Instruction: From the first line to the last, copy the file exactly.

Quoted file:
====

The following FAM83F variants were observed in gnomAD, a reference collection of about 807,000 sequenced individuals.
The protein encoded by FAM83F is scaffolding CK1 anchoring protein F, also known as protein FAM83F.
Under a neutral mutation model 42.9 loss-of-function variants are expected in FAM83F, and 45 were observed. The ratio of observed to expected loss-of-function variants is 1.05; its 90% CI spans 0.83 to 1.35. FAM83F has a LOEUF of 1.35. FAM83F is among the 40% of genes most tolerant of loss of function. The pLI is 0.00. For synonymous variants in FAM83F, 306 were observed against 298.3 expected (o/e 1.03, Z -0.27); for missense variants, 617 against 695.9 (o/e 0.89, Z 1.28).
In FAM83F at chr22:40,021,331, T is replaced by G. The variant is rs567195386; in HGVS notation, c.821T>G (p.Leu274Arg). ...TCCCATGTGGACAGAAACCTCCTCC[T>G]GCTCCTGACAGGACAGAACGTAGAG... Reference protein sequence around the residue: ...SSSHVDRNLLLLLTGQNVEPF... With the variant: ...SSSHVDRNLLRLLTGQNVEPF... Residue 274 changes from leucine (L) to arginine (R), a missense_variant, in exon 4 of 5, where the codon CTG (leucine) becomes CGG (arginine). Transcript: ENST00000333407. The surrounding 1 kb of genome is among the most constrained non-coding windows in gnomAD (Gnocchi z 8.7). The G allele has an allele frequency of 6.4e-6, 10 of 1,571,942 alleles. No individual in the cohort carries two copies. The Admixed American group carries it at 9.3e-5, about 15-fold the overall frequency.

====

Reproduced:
The following FAM83F variants were observed in gnomAD, a reference collection of about 807,000 sequenced individuals.
The protein encoded by FAM83F is scaffolding CK1 anchoring protein F, also known as protein FAM83F.
Under a neutral mutation model 42.9 loss-of-function variants are expected in FAM83F, and 45 were observed. The ratio of observed to expected loss-of-function variants is 1.05; its 90% CI spans 0.83 to 1.35. FAM83F has a LOEUF of 1.35. FAM83F is among the 40% of genes most tolerant of loss of function. The pLI is 0.00. For synonymous variants in FAM83F, 306 were observed against 298.3 expected (o/e 1.03, Z -0.27); for missense variants, 617 against 695.9 (o/e 0.89, Z 1.28).
In FAM83F at chr22:40,021,331, T is replaced by G. The variant is rs567195386; in HGVS notation, c.821T>G (p.Leu274Arg). ...TCCCATGTGGACAGAAACCTCCTCC[T>G]GCTCCTGACAGGACAGAACGTAGAG... Reference protein sequence around the residue: ...SSSHVDRNLLLLLTGQNVEPF... With the variant: ...SSSHVDRNLLRLLTGQNVEPF... Residue 274 changes from leucine (L) to arginine (R), a missense_variant, in exon 4 of 5, where the codon CTG (leucine) becomes CGG (arginine). Transcript: ENST00000333407. The surrounding 1 kb of genome is among the most constrained non-coding windows in gnomAD (Gnocchi z 8.7). The G allele has an allele frequency of 6.4e-6, 10 of 1,571,942 alleles. No individual in the cohort carries two copies. The Admixed American group carries it at 9.3e-5, about 15-fold the overall frequency.